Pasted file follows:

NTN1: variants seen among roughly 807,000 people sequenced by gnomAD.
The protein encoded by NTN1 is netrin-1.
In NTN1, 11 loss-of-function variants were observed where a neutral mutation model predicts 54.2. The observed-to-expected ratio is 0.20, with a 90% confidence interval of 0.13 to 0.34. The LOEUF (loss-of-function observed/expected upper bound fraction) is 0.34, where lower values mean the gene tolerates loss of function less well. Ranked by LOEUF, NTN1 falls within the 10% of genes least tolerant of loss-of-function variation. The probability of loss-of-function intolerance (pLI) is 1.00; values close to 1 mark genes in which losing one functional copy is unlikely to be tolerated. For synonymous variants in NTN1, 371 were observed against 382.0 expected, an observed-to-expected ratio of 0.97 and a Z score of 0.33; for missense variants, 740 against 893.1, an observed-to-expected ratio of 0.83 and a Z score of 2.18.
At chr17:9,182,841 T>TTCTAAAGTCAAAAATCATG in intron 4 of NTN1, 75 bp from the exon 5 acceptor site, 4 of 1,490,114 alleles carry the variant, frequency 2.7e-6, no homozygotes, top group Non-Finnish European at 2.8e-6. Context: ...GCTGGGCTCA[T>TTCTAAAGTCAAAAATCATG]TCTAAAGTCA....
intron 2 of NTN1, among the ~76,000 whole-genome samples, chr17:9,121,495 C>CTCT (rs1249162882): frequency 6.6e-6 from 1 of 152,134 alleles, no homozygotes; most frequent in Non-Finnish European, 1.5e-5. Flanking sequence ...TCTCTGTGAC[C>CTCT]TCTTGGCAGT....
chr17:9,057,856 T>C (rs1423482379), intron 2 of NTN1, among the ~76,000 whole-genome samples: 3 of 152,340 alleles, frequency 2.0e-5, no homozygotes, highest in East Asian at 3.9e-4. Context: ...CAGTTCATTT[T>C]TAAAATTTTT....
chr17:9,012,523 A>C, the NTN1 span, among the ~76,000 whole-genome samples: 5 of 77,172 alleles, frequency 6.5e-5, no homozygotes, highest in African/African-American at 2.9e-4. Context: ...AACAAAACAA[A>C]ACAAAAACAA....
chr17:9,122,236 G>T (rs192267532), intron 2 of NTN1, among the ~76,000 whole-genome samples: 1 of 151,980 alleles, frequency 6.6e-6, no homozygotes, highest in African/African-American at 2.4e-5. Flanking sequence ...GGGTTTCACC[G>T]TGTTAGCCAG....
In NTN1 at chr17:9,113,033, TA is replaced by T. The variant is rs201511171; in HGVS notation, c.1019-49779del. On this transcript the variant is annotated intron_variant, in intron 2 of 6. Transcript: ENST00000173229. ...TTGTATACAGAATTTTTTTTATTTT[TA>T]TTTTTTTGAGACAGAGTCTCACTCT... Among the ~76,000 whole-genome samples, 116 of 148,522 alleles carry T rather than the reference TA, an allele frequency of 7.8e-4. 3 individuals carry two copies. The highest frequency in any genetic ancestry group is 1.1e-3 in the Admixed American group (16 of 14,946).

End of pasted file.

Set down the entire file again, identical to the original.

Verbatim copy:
NTN1: variants seen among roughly 807,000 people sequenced by gnomAD.
The protein encoded by NTN1 is netrin-1.
In NTN1, 11 loss-of-function variants were observed where a neutral mutation model predicts 54.2. The observed-to-expected ratio is 0.20, with a 90% confidence interval of 0.13 to 0.34. The LOEUF (loss-of-function observed/expected upper bound fraction) is 0.34, where lower values mean the gene tolerates loss of function less well. Ranked by LOEUF, NTN1 falls within the 10% of genes least tolerant of loss-of-function variation. The probability of loss-of-function intolerance (pLI) is 1.00; values close to 1 mark genes in which losing one functional copy is unlikely to be tolerated. For synonymous variants in NTN1, 371 were observed against 382.0 expected, an observed-to-expected ratio of 0.97 and a Z score of 0.33; for missense variants, 740 against 893.1, an observed-to-expected ratio of 0.83 and a Z score of 2.18.
At chr17:9,182,841 T>TTCTAAAGTCAAAAATCATG in intron 4 of NTN1, 75 bp from the exon 5 acceptor site, 4 of 1,490,114 alleles carry the variant, frequency 2.7e-6, no homozygotes, top group Non-Finnish European at 2.8e-6. Context: ...GCTGGGCTCA[T>TTCTAAAGTCAAAAATCATG]TCTAAAGTCA....
intron 2 of NTN1, among the ~76,000 whole-genome samples, chr17:9,121,495 C>CTCT (rs1249162882): frequency 6.6e-6 from 1 of 152,134 alleles, no homozygotes; most frequent in Non-Finnish European, 1.5e-5. Flanking sequence ...TCTCTGTGAC[C>CTCT]TCTTGGCAGT....
chr17:9,057,856 T>C (rs1423482379), intron 2 of NTN1, among the ~76,000 whole-genome samples: 3 of 152,340 alleles, frequency 2.0e-5, no homozygotes, highest in East Asian at 3.9e-4. Context: ...CAGTTCATTT[T>C]TAAAATTTTT....
chr17:9,012,523 A>C, the NTN1 span, among the ~76,000 whole-genome samples: 5 of 77,172 alleles, frequency 6.5e-5, no homozygotes, highest in African/African-American at 2.9e-4. Context: ...AACAAAACAA[A>C]ACAAAAACAA....
chr17:9,122,236 G>T (rs192267532), intron 2 of NTN1, among the ~76,000 whole-genome samples: 1 of 151,980 alleles, frequency 6.6e-6, no homozygotes, highest in African/African-American at 2.4e-5. Flanking sequence ...GGGTTTCACC[G>T]TGTTAGCCAG....
In NTN1 at chr17:9,113,033, TA is replaced by T. The variant is rs201511171; in HGVS notation, c.1019-49779del. On this transcript the variant is annotated intron_variant, in intron 2 of 6. Transcript: ENST00000173229. ...TTGTATACAGAATTTTTTTTATTTT[TA>T]TTTTTTTGAGACAGAGTCTCACTCT... Among the ~76,000 whole-genome samples, 116 of 148,522 alleles carry T rather than the reference TA, an allele frequency of 7.8e-4. 3 individuals carry two copies. The highest frequency in any genetic ancestry group is 1.1e-3 in the Admixed American group (16 of 14,946).